Unaltered animals are more likely to mark their territory, so by altering them early on you can avoid unwanted marking behavior inside of your home.

Cats in heat will yowl loudly to attempt to find mates, something no one enjoys listening to at 3am. 

Also, altered dogs usually fit in more easily in public gatherings with other animals, like on a visit to the dog park or on a crowded brewery night.  

Most importantly, you’ll be helping to ensure that your pets won’t have any unintentional or unwanted litters. Many people don’t realize how early animals can go into heat and are surprised when their six-month-old “puppy” or “kitten” ends up pregnant. This is one of the number one ways that kittens and puppies end up at the shelter, so please spay and neuter your pets early on so that you can contribute to the solution of pet overpopulation rather than being part of the problem. 

Remember, if you are feeding stray cats that are not altered, it is essential to get them spayed and neutered. Otherwise you’re just helping them stay healthier so that they can reproduce more quickly and have larger litters. Many well-meaning folks started off by feeding one or two cats on their property only to find themselves overwhelmed with a colony of 20 or more within just a year or two. 

The good news is that there are a lot of resources out there to help you, whether you’re looking to alter your personal pet or help a cat that’s decided to call your house home. Contact us at AthensPets (info@athenspets.net), and we’ll be glad to help direct you to resources that are available in the Athens area. 

 

 Lily Belle and Brittnee. Photo: Brittnee Thirkield

Lily Belle and Brittnee. Photo: Brittnee Thirkield

A LOVE STORY FROM BRITTNEE THIRKIELD

I adopted my two cats, Lily Belle and Waylon, from the Athens Area Humane Society on June 10, 2016. At the time, I was battling depression and looking for a way to learn how to nurture again. Turns out cat therapy was just what the doctor ordered.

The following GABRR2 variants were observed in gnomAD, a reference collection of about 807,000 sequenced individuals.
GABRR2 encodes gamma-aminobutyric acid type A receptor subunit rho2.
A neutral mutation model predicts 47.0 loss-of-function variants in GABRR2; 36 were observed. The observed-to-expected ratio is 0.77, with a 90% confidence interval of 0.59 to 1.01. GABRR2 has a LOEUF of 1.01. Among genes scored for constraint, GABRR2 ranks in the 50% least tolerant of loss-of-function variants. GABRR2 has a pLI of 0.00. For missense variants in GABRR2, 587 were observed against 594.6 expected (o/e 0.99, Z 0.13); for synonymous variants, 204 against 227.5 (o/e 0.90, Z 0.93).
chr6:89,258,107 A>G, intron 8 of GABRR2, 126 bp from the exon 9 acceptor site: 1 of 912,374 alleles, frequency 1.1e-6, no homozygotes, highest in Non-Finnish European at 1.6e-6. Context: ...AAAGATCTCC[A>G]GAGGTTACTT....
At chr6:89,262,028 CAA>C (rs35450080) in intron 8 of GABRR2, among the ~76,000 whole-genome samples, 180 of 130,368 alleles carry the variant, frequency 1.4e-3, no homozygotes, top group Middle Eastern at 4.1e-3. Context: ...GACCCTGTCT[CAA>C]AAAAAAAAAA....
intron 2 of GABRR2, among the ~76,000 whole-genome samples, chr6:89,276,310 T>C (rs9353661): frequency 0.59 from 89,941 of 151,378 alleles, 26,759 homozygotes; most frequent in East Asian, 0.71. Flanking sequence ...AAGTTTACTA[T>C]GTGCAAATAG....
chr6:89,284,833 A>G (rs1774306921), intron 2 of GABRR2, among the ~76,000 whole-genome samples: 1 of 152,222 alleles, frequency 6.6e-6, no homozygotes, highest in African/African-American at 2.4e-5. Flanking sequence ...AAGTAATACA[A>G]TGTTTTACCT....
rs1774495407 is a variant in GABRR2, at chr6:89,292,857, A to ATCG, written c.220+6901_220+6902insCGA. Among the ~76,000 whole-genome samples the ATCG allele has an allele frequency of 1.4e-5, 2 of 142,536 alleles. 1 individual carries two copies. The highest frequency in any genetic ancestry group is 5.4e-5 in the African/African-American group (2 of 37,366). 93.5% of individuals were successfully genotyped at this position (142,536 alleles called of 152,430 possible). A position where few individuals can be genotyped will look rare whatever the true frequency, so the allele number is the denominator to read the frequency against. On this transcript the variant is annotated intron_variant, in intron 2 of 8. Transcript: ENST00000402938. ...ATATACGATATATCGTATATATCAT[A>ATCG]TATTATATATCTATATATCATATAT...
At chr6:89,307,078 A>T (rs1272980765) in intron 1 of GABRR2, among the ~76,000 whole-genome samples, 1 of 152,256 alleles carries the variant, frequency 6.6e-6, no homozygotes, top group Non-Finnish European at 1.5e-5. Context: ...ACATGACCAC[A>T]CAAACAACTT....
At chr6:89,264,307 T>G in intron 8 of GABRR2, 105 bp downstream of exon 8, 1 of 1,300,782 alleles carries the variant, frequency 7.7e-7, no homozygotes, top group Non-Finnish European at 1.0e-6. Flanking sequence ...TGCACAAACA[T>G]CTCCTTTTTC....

I saw Waylon’s picture online and thought he was cute as a button. When I arrived, the adoption coordinator explained bonded pairs to me and introduced me to about three or four pairs. The cats I would bring home two hours later were the last ones I met. If they could speak English, here’s what they would say:

Lily Belle: Hi. I’m Lily Belle aka Nike aka Queen Lilz. I’m a 3-year-old tortoiseshell cat (tortie). On the day we were adopted, I was very interactive. First of all, no one puts baby in a corner, and no one puts me in a shelter for several months without me having an exit strategy. I decided it was time for us to find our own home. The world needs to know of my greatness, as I was named after the Greek goddess of speed, strength and victory. True to my name, I raced around the interaction pen, elegantly of course, climbing the walls, scratching the post, meowing. I didn’t care who saw it or what they thought. I’m the queen. Brittnee was kinda cool... for a human. She was more interested in my son, but I’m the one who makes the final decisions around here. Basically, she fell in love with him on the internet, but I sealed the deal! I wanted to go home with her but didn’t like it when they put me in the carrier, so I jumped out of it, twice… Again, no one puts baby in a corner, and no one puts me in a carrier. Once home, I explored a bit while Waylon hid to see if the new place was safe. I decided it was and claimed the home as mine, forever. Talk about a victory!